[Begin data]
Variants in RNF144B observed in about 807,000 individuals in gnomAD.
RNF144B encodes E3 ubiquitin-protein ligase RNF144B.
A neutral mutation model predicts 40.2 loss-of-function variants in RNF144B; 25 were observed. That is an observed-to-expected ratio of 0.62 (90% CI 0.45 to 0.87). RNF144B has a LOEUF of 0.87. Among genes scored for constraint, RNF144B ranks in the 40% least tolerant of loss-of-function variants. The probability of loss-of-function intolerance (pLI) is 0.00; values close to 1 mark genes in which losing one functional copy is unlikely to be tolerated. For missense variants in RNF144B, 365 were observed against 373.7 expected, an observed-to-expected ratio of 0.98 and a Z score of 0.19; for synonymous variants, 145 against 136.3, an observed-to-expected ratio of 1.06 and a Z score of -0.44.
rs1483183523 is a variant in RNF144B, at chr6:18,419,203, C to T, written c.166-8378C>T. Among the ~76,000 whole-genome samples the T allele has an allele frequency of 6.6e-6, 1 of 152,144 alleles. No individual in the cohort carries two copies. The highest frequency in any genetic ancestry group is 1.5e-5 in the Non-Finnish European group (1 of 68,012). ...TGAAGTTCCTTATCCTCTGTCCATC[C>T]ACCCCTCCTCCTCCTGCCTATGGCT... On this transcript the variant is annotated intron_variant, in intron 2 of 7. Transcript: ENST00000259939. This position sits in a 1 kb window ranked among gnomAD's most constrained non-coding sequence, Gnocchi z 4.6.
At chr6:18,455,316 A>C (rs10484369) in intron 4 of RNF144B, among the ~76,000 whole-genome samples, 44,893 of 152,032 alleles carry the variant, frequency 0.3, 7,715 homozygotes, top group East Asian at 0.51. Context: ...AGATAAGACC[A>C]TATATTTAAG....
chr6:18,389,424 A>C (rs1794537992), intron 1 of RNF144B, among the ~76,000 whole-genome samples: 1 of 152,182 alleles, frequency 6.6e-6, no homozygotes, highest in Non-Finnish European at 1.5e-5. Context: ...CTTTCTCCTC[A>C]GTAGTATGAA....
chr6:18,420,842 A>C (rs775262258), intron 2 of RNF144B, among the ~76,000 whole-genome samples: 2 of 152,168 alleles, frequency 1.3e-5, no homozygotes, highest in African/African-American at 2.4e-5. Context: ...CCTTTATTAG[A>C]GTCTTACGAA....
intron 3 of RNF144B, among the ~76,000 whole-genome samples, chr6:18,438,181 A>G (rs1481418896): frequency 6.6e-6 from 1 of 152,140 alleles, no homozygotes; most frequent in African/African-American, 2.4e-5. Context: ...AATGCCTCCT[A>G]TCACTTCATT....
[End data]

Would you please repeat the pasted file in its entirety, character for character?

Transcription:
Variants in RNF144B observed in about 807,000 individuals in gnomAD.
RNF144B encodes E3 ubiquitin-protein ligase RNF144B.
A neutral mutation model predicts 40.2 loss-of-function variants in RNF144B; 25 were observed. That is an observed-to-expected ratio of 0.62 (90% CI 0.45 to 0.87). RNF144B has a LOEUF of 0.87. Among genes scored for constraint, RNF144B ranks in the 40% least tolerant of loss-of-function variants. The probability of loss-of-function intolerance (pLI) is 0.00; values close to 1 mark genes in which losing one functional copy is unlikely to be tolerated. For missense variants in RNF144B, 365 were observed against 373.7 expected, an observed-to-expected ratio of 0.98 and a Z score of 0.19; for synonymous variants, 145 against 136.3, an observed-to-expected ratio of 1.06 and a Z score of -0.44.
rs1483183523 is a variant in RNF144B, at chr6:18,419,203, C to T, written c.166-8378C>T. Among the ~76,000 whole-genome samples the T allele has an allele frequency of 6.6e-6, 1 of 152,144 alleles. No individual in the cohort carries two copies. The highest frequency in any genetic ancestry group is 1.5e-5 in the Non-Finnish European group (1 of 68,012). ...TGAAGTTCCTTATCCTCTGTCCATC[C>T]ACCCCTCCTCCTCCTGCCTATGGCT... On this transcript the variant is annotated intron_variant, in intron 2 of 7. Transcript: ENST00000259939. This position sits in a 1 kb window ranked among gnomAD's most constrained non-coding sequence, Gnocchi z 4.6.
At chr6:18,455,316 A>C (rs10484369) in intron 4 of RNF144B, among the ~76,000 whole-genome samples, 44,893 of 152,032 alleles carry the variant, frequency 0.3, 7,715 homozygotes, top group East Asian at 0.51. Context: ...AGATAAGACC[A>C]TATATTTAAG....
chr6:18,389,424 A>C (rs1794537992), intron 1 of RNF144B, among the ~76,000 whole-genome samples: 1 of 152,182 alleles, frequency 6.6e-6, no homozygotes, highest in Non-Finnish European at 1.5e-5. Context: ...CTTTCTCCTC[A>C]GTAGTATGAA....
chr6:18,420,842 A>C (rs775262258), intron 2 of RNF144B, among the ~76,000 whole-genome samples: 2 of 152,168 alleles, frequency 1.3e-5, no homozygotes, highest in African/African-American at 2.4e-5. Context: ...CCTTTATTAG[A>C]GTCTTACGAA....
intron 3 of RNF144B, among the ~76,000 whole-genome samples, chr6:18,438,181 A>G (rs1481418896): frequency 6.6e-6 from 1 of 152,140 alleles, no homozygotes; most frequent in African/African-American, 2.4e-5. Context: ...AATGCCTCCT[A>G]TCACTTCATT....